In the above picture, you’ll first see that I have elevated the barrel on a few cinder blocks in order to create slightly more water pressure from gravity. The barrel was originally a white color and I painted it black so that a.) sunlight penetration is reduced which will prevent algae growth and b.) the water will heat up in the barrels. Using warmer water will reduce shock that the plants might have if the water was colder. A threaded PVC nipple was JB Welded to the side of the barrel one inch up from the bottom. It is one inch above the bottom because I don’t want to draw any sedimentation into the lines that may collect at the bottom. Between that and the hose I have a brass shutoff coupling. The supply line running between the beds is the cheapest garden hose I could find. I cut pieces to fit each row of beds.
Each bed has two driplines running down the length of the bed. Beds, by the way are 30″ wide and 20 feet long. Everything is uniform, which will allow interchangeability. We plan on getting several years usage out of the tapes and this way we can easily install them next year, not needing to worry about where each tape goes. Each tape line begins at the supply line, coming through another shutoff valve. That shutoff valve has a barb on one side that you push into the hose (I used a cordless drill to make the appropriate size holes in the supply hose first) and the other side connects via a coupler to the 5/8″ drip tape. The tape and the shutoff valves are from Farmtek. At the other end of the tape, fold it over on itself twice to crimp closed and then fold lengthwise. Then slide a 1″ section of drip tape over the fold to hold it together.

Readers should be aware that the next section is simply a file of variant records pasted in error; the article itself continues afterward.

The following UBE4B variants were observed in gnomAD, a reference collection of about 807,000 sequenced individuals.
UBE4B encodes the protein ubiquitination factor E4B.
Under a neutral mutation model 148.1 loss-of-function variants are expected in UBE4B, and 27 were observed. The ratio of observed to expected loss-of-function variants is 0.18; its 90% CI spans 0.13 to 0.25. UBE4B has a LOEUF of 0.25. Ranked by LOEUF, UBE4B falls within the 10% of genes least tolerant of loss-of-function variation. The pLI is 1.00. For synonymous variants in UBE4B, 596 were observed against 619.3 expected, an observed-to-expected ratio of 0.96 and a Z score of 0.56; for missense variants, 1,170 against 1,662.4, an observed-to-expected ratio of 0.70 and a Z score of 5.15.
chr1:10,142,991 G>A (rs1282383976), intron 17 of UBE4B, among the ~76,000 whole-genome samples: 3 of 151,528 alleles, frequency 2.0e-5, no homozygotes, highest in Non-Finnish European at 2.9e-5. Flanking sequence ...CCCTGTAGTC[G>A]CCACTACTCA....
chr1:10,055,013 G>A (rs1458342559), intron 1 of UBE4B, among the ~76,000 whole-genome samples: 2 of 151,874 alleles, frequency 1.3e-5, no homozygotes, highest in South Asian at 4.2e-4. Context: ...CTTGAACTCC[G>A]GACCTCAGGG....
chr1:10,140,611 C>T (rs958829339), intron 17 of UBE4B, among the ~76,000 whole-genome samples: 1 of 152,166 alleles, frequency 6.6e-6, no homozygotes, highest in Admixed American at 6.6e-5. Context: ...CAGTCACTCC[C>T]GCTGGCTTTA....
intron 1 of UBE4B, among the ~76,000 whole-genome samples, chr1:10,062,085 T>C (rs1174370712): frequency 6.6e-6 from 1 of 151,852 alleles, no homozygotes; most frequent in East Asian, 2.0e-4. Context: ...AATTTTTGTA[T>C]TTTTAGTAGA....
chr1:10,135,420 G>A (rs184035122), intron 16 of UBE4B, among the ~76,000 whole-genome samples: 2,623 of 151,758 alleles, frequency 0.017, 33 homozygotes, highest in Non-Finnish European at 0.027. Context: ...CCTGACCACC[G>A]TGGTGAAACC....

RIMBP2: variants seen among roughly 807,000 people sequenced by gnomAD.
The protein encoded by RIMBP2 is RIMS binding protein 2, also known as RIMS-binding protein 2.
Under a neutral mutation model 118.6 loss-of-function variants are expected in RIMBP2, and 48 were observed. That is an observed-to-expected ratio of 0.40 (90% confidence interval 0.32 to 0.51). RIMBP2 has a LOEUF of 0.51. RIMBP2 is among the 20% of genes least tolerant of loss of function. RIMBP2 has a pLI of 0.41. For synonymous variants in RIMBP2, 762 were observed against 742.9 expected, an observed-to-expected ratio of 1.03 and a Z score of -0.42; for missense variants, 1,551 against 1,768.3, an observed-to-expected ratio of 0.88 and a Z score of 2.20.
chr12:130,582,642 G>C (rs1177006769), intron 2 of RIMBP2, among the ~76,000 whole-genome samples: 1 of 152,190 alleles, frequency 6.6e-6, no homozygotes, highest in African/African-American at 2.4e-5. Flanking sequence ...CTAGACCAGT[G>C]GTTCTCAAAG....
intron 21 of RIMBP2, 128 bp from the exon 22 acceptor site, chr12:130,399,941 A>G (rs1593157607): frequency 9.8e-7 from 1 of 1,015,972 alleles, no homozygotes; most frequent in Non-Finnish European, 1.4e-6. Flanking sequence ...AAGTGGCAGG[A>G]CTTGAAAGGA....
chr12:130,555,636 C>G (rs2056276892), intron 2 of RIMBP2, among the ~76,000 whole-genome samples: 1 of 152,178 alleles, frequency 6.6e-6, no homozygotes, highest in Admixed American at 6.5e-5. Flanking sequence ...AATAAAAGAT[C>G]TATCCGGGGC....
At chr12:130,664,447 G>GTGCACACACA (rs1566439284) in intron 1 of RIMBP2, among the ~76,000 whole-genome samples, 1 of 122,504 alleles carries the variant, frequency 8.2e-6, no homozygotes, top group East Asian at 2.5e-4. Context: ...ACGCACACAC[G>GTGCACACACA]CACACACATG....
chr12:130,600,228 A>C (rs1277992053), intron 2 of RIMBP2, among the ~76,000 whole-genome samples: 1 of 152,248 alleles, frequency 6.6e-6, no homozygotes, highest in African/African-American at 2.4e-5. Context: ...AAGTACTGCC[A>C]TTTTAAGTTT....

Having every line on a valve gives you maximum control of water. Some beds contain a crop that is harvested early in the season, and once done you could turn that bed off to save water.
To calculate how much water you’ll need, we estimate that each bed will need 1″ of water per week. A bed if fifty square feet. That translates to ( 50 / 12 x 7.48 ) 31.16 gallons per bed per week. Said differently, I’m dividing fifty by twelve to find the cubic feet of water that 1 inch of rain on that bed would represent. One inch of rain would be 1/12th of a cubic foot of rain. One cubic foot of rain water on a 50 sq ft bed is 50 cubic feet and that would be twelve inches of rain. Then convert to gallons by multiplying by 7.48. Most of our lines are set up to water seven beds at once and I assume (perhaps incorrectly) that each bed is getting an even amount of water. So, you could fill your barrel to the 30 gallon mark every day of the week and know that all seven beds are getting 1″ of water over the course of seven days.
Posted in Gardening
Tagged 5/8 tape, 55 Gallon Barrel, conservation, drip irrigation, drip irrigation system, drip tape, Farmtek, fed, garden, gravity, JB Weld, water, watering
We’re back to container gardening this year and wanted to share a few pics and comments on how we are doing it.
Begin with your barrels. Be a scrounger and find them for free like I did. The 55 gallon size is great because you can cut them to make two planters. Be careful on what the previous contents were. Mine had soaps and other cleansers in them. Rinsing them out twice should get most of the stuff out.
And here is my beautiful wife on a sunny day, drilling the drain holes into the bottom. I put four 5/8″ holes spaced evenly and in the low spots. Yes, she is pregnant, and no, I didn’t make her do this. She wanted to be outside in the sun. We had fun.
Before filling with dirt, I covered each hole with a rock. That way there is a small gap where excess water can drain. Dirt could become compacted and clog the hole. Proper drainage is very important so that the roots don’t rot from sitting in too moist an environment.
Begin filling with soil, being careful not to move those rocks covering the drain holes.
We filled to the top with compost. We got free compost from a friend who owns a dairy farm. This was dairy manure that was composted for two years and was screened.
We put three tomato plants in the tomato tubs. Four pepper plants in the pepper tubs. You can also see the square box in the background. That will be our lettuces, beans, etc.